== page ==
Tony – Every musical experience I’ve had in other acts has contributed to how I approach writing/singing in The Devil. And I’m still exploring different avenues and genres to broaden my musical horizons; so much to learn.

Jamie – TDIC is its own inspiration thing. We draw influence from a lot of things, and most importantly from each other. You’d probably find that all of our other music, be it present or past, does not sound like the Devil.

What inspired the band name?

Eddie Colmenares – I came up with it when doing the initial planning.

Tony – Eddie came up with the name and I liked it right away; perfect for this band.

DIC_RingMasterReviewWas there any specific idea behind the forming of the band and also in what you wanted it and your sound to offer?

Eddie – There was. I really wanted to put together a heavy, hard rock band that had that southern, slide guitar vibe to it.

Jamie – Matt and I were working on a project that kept getting put on hold by the other members. We wanted to do something that was more heavy, old school, and southern influenced. Alice In Chains, Corrosion Of Conformity, Skynyrd, Pantera, Clutch, STP, Allmans, etc. We had plenty of time, so we started a couple ideas and were directed to Eddie’s ad almost immediately.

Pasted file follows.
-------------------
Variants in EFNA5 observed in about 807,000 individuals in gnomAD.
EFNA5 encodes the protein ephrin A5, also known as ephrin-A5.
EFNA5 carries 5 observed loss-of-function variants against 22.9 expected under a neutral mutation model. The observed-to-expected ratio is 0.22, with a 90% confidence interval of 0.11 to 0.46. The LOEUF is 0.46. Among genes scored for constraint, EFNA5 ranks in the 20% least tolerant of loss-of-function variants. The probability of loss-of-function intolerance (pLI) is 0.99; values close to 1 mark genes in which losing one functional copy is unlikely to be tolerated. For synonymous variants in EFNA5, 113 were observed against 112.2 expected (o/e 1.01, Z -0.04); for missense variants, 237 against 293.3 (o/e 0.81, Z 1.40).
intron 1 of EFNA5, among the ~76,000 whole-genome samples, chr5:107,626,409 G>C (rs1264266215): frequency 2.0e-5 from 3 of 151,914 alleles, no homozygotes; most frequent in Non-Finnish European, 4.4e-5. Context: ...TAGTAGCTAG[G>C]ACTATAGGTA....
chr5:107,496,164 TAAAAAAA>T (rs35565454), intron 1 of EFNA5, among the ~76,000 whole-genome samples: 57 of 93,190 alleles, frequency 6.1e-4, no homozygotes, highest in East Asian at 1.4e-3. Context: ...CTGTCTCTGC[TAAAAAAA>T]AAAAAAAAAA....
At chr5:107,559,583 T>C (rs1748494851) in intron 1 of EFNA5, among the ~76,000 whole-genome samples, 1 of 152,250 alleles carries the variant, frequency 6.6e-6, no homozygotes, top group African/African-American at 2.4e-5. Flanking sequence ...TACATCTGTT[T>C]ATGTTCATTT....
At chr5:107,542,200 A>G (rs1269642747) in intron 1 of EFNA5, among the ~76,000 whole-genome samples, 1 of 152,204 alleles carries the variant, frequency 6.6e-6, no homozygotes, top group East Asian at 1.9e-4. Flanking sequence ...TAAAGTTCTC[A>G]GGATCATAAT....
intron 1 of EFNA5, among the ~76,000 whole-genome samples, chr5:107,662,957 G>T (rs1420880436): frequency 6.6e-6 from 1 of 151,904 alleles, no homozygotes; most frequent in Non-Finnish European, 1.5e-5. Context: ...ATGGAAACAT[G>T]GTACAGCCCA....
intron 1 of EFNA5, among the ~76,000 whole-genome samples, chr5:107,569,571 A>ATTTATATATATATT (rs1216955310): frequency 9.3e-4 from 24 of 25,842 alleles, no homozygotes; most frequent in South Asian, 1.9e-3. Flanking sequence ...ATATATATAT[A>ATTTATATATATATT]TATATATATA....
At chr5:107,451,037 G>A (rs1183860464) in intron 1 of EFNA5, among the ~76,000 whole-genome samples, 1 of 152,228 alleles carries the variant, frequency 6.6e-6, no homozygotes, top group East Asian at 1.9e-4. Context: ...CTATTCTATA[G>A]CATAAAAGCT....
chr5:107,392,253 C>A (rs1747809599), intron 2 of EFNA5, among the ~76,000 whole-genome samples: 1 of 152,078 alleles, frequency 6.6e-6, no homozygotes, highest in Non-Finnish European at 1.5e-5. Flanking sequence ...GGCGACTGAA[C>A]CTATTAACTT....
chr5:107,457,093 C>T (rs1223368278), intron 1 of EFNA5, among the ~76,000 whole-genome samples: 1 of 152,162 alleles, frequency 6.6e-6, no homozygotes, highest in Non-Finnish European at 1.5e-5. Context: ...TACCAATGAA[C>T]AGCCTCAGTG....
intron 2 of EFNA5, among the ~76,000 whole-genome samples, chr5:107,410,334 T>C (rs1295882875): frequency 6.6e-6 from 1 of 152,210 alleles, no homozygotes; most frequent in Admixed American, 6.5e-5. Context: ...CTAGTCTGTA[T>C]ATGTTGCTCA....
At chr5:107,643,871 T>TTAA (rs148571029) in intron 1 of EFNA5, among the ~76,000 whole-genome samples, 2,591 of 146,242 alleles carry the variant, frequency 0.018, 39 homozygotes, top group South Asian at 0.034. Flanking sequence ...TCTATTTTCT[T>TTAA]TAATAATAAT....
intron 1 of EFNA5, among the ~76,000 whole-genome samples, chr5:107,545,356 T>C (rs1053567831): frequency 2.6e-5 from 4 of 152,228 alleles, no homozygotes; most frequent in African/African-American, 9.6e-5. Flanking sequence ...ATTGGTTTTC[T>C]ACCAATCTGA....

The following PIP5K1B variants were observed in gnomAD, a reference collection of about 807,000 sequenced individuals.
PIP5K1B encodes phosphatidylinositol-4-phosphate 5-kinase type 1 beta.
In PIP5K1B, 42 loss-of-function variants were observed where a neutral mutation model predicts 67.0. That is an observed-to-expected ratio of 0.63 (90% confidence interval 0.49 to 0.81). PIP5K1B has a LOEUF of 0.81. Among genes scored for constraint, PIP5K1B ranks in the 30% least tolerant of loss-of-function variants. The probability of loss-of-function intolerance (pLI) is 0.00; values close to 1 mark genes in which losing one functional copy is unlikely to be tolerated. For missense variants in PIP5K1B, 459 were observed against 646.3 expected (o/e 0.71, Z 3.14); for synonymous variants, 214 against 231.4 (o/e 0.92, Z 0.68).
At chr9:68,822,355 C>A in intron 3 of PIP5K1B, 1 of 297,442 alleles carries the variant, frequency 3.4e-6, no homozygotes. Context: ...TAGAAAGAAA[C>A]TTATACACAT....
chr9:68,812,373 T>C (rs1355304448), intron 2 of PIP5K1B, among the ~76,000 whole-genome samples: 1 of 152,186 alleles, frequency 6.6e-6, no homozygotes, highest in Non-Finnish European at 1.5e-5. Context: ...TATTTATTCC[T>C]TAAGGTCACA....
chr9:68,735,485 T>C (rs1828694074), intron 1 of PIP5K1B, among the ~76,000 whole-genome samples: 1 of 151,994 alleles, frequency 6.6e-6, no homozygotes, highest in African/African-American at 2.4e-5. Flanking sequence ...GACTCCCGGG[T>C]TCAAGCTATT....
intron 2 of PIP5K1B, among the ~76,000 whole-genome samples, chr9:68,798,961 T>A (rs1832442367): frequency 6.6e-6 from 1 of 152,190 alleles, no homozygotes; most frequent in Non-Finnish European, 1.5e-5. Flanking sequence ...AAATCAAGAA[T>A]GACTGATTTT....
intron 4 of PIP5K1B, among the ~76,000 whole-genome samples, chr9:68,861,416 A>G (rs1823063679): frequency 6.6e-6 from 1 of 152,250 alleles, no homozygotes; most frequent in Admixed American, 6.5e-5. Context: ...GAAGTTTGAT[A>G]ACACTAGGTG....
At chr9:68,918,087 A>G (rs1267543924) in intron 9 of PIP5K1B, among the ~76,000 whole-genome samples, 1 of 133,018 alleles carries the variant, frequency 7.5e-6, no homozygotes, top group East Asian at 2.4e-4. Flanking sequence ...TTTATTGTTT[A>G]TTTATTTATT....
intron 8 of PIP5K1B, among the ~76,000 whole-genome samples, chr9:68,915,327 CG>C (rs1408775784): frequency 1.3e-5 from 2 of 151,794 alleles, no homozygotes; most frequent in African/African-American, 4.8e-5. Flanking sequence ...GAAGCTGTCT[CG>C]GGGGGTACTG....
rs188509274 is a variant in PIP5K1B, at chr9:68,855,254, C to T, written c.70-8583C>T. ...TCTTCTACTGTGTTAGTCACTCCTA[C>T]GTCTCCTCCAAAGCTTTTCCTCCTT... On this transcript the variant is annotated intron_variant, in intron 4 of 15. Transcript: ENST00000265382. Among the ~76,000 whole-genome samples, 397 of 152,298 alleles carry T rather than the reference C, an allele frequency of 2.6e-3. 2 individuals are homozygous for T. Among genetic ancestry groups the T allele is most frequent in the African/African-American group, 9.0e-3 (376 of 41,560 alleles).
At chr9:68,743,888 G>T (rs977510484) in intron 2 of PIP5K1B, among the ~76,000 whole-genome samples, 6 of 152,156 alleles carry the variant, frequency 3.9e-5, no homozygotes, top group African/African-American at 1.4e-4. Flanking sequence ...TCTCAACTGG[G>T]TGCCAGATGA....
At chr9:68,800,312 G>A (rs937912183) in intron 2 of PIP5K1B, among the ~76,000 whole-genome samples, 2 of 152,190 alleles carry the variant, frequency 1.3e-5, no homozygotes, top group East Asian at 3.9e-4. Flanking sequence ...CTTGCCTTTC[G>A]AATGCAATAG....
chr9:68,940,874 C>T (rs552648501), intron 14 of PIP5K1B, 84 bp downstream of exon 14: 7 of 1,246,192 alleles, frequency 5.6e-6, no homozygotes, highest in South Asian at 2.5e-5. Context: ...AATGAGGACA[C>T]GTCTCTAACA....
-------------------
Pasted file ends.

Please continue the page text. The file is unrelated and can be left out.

Tony – I think the idea of a swampy, heavy, melodic, hard rocking 5 piece was the idea from the beginning. I came in after Jamie, Eddie and Matt had jammed a bit so it changed a bit from there but we all have a similar vision.

Do the same things still drive the band when it was fresh-faced or have they evolved over time?

Eddie – It’s a mix. First, we aren’t that old of a band, so nothing is ‘too much of the same’ yet. And we are moving up pretty fast – it’s a lot coming at us at once, which in turn drives us more.

Tony – I’ve always been very musically driven personally. My passion to play music and get that music out to the world hasn’t really swayed in the last twenty plus years. I’ve always got the same vibe from the band in that regard. But you can’t grow without change and we tend to evolve in a very natural upward spiral. Has our music changed? Yes. Does it still encapsulate TDIC? Absolutely!